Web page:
For male patients, higher BMI (adjusted HR = 0.859, 95% CI = 0.746–0.989, P = 0.035), BMI ≥ 20 kg/m2 (adjusted HR = 0.300, 95% CI = 0.104–0.867, P = 0.026), and higher LBM index (adjusted HR = 0.734, 95% CI = 0.562–0.957, P = 0.023) were significantly associated with lower overall all-cause cumulative mortality, but BSA and LBM were not. Overweight patients had significant lower risk than normal weight patients did (adjusted HR = 0.156, 95% CI = 0.040–0.605, P = 0.007). In females, none of the body composition parameters was significantly associated with overall all-cause cumulative mortality. A similar trend was noted for one-year all-cause cumulative mortality (Table 4, Fig. 1). The paradox relationship between BMI and estimated all-cause cumulative mortality was only significant among male patients (Fig. 2). The multivariate results based on New BMI were similar to those based on current BMI (Supplementary Table 1).

Table 4 Multivariate analysis for overall and one-year all-cause cumulative mortality
Fig. 1
figure1

Overall all-cause mortality stratified by body mass index of 20 kg/m2 for female patients (a) and for male patients (b)

Fig. 2
figure2

Association between body mass index and estimated all-cause mortality for male patients

Discussion

To the best of our knowledge, the present study is the first to evaluate the prognostic value of BSA and LBM index for Asian TAVI patients. Multivariate analysis of over two-hundred patients in Taiwan who underwent TAVI showed that higher BMI, BMI ≥ 20 kg/m2, and higher LBM index were significantly associated with lower overall all-cause cumulative mortality and one-year all-cause cumulative mortality in male patients only, not in female patients. In females, none of the body composition parameters was significantly associated with overall all-cause cumulative mortality. Paradoxical association between BMI and estimated all-cause cumulative mortality was only significant among male patients.

Results of the present study are consistent with results from the OCEAN-TAVI registry in Japan, which revealed that BMI < 20 kg/m2 was associated with higher all-cause mortality for male patients, but not for female patients [14]. Results from the Asian TAVR registry revealed that higher BMI was significantly associated with lower all-cause mortality [15]. However, results of the present study, in which BMIs were higher than those in the Asian TAVR registry, found that a significant association between BMI and TAVI outcomes was only observed in male patients. Because the Asian TAVR registry did not provide results for both females and males, we cannot explain the inconsistent findings, except that the present study included fewer patients. As concluded by other authors, although body composition measures are important prognostically, BMI may be less useful as an indicator of prognosis than other, more powerful measures of habitus [1].

Regarding BSA, the present study found no associations between BSA results and overall and one-year all-cause cumulative mortality in both female and male TAVI patients. In a study of Western patients, the BSA results of Arsalan et al. were comparable to those of the present study, showing that continuous BSA was not significantly associated with 30-day mortality and one-year survival [23].

Results from the OCEAN-TAVI registry of all-Asian patients also revealed that LBM was an independent predictor of all-cause mortality in both male and female patients; i.e., low LBM had a higher incidence of all-cause death after TAVI, regardless of gender [14]. This suggests that high-risk can be identified better using LBM than conventional BMI in TAVI candidates. However, in the present study higher LBM indices were significantly associated with lower all-cause cumulative mortality in male patients only, not in female patients. The James formula, and not dual-energy x-ray absorptiometry, was used to calculate LBM in both our study and the OCEAN-TAVI study, but the inconsistent findings between the studies may possibly be explained by having fewer patients in the present study, making it more difficult to achieve statistical significance given the same effect size. Patients in the present study were also taller and had an overall greater LBM than those in the OCEAN-TAVI registry, suggesting that the LBM index may be a more suitable and sensitive indicator than LBM for stratifying risk of TAVI patients.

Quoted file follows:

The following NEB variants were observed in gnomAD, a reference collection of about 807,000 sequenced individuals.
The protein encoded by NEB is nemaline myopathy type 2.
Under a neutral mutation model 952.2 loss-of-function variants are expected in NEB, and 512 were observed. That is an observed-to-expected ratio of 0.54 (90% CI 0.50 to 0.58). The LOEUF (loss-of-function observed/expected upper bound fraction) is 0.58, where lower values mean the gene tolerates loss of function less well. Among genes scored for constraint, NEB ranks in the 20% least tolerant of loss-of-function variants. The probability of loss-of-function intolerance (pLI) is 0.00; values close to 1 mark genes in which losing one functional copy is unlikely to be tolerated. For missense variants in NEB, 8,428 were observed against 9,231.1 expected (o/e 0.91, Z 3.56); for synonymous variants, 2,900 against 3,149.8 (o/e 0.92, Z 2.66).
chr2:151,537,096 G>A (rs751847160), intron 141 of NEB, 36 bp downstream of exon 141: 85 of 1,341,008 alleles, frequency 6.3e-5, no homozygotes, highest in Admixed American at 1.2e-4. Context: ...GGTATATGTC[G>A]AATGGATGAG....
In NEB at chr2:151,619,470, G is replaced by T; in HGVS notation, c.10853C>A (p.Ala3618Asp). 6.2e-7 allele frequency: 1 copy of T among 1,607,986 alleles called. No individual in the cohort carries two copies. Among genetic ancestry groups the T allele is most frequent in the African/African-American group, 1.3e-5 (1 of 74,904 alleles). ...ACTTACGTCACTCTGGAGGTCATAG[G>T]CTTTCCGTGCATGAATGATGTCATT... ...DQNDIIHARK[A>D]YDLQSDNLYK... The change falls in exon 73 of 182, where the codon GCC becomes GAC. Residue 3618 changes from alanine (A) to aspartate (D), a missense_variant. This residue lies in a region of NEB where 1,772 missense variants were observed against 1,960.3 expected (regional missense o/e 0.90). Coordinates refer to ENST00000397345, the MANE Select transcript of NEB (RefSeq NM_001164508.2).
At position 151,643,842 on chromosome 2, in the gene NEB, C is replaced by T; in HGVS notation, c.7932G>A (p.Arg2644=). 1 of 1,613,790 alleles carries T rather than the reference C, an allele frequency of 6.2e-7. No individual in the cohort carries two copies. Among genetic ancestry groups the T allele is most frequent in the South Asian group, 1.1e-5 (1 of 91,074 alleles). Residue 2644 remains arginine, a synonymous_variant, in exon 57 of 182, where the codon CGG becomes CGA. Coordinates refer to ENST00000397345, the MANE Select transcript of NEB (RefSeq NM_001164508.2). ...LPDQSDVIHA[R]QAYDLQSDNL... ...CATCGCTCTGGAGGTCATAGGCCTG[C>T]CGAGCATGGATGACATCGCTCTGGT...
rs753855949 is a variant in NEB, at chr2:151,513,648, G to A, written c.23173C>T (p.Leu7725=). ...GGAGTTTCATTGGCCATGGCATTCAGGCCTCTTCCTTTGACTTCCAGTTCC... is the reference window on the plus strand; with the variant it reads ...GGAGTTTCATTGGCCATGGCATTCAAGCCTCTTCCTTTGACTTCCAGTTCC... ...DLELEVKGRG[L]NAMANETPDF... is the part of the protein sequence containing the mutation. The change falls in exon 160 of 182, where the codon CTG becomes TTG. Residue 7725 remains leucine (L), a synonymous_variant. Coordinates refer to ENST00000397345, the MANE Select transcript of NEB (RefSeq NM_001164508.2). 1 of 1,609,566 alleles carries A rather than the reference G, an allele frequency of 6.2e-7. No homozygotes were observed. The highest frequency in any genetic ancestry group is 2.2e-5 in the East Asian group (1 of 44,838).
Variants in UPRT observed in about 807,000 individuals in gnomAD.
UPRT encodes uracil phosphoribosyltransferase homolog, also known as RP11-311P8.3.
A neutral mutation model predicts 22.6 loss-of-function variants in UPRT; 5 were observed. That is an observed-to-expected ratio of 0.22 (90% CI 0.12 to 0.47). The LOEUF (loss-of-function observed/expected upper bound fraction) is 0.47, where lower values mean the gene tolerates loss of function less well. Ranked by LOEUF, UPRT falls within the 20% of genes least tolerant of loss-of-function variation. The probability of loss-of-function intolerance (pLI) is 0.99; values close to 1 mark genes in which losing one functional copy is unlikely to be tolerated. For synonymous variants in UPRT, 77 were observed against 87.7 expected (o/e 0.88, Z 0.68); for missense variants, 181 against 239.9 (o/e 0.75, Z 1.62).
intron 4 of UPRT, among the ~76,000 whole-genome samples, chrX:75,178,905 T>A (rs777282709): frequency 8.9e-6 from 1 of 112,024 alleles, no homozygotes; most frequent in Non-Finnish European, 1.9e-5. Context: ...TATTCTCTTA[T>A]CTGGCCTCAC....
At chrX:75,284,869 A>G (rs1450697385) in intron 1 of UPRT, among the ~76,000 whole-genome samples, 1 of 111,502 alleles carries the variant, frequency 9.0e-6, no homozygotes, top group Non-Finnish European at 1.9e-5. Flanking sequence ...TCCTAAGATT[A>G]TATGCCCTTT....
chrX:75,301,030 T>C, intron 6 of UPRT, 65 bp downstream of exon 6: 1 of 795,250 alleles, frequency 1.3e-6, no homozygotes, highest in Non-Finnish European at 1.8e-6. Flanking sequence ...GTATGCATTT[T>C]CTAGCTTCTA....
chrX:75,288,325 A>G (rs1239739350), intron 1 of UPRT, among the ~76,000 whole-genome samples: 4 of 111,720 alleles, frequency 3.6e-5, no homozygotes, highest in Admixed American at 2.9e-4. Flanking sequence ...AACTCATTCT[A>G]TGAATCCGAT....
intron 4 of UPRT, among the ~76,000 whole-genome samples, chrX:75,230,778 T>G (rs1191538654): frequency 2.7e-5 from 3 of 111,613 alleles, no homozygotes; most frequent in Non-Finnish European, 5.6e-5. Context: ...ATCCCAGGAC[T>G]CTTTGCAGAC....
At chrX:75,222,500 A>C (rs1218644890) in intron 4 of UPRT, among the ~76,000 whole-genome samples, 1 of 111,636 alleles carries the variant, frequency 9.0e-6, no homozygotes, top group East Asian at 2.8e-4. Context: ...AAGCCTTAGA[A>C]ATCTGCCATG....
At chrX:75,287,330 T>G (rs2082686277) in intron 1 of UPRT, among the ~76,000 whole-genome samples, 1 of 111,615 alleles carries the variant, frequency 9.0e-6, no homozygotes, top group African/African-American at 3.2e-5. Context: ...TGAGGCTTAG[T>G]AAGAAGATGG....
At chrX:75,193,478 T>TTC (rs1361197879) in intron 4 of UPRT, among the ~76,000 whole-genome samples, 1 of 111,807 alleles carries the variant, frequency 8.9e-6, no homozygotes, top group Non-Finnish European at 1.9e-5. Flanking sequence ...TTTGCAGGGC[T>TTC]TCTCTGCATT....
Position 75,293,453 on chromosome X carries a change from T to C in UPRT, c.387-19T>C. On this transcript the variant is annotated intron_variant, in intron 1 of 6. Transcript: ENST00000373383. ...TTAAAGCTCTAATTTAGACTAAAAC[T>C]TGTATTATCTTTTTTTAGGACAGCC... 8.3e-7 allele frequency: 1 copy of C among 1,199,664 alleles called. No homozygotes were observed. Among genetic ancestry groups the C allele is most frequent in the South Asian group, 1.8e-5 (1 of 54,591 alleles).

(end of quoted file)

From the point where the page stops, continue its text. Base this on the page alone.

The present study observed sex differences in prognostic effect of body composition parameters for TAVI outcomes, which also have been noted in many previous reports. Among patients undergoing coronary artery bypass grafting, underweight as an independent risk factor for early mortality was found only in men [24]. Similarly, a meta-analysis including 16 studies of 385,925 diabetes patients revealed that overweight was associated with lower risk of all-cause mortality only in males and the risk of mortality in females did not differ between BMI subgroups [25]. In a study conducted for Japanese population, the body shape index in men, which is a calculation based on body height, weight and waist circumference, significantly increased the risk for all-cause mortality after adjusting for other known risk factors, but was not significantly associated with all-cause mortality in women [26]. In addition, among Korean heart failure patients, obesity was independently associated with lower one-year mortality rates in men, but not in women [27]. All of the reports suggest sex differences in the obesity paradox.

Sex difference in clinical outcomes after TAVI patients have reported in numerous studies. Most studies observed a similar 30-day mortality between female and male patients, but results regarding long-term mortality were not consistent across studies.e Some studies reported that female patients had more favorable survival outcomes at long-term follow-up, [28, 29] but others reported that female and male patients had similar long-term mortality [30, 31]. Our study showed that all of the 30-day, one-year, overall all-cause cumulative mortalities were similar between female and male patients after adjusting for propensity scores. The non-comparable results might be due to the different demographic characteristics and baseline comorbidities among study populations.